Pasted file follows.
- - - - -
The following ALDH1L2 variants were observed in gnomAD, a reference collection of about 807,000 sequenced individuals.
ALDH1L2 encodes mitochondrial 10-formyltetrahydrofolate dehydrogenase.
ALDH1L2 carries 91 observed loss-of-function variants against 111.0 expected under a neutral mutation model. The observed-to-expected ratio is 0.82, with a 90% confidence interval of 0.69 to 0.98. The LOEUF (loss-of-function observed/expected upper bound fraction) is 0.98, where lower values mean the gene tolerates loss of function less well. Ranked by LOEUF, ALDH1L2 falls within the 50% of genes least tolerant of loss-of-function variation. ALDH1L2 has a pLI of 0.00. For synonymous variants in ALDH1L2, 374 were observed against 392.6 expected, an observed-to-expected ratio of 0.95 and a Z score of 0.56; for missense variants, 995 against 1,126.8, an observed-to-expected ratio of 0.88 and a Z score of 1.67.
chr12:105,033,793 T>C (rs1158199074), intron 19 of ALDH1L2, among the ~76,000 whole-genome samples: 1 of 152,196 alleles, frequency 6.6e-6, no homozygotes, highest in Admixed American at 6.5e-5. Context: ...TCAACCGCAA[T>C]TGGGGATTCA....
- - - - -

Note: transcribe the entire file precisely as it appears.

The following ALDH1L2 variants were observed in gnomAD, a reference collection of about 807,000 sequenced individuals.
ALDH1L2 encodes mitochondrial 10-formyltetrahydrofolate dehydrogenase.
ALDH1L2 carries 91 observed loss-of-function variants against 111.0 expected under a neutral mutation model. The observed-to-expected ratio is 0.82, with a 90% confidence interval of 0.69 to 0.98. The LOEUF (loss-of-function observed/expected upper bound fraction) is 0.98, where lower values mean the gene tolerates loss of function less well. Ranked by LOEUF, ALDH1L2 falls within the 50% of genes least tolerant of loss-of-function variation. ALDH1L2 has a pLI of 0.00. For synonymous variants in ALDH1L2, 374 were observed against 392.6 expected, an observed-to-expected ratio of 0.95 and a Z score of 0.56; for missense variants, 995 against 1,126.8, an observed-to-expected ratio of 0.88 and a Z score of 1.67.
chr12:105,033,793 T>C (rs1158199074), intron 19 of ALDH1L2, among the ~76,000 whole-genome samples: 1 of 152,196 alleles, frequency 6.6e-6, no homozygotes, highest in Admixed American at 6.5e-5. Context: ...TCAACCGCAA[T>C]TGGGGATTCA....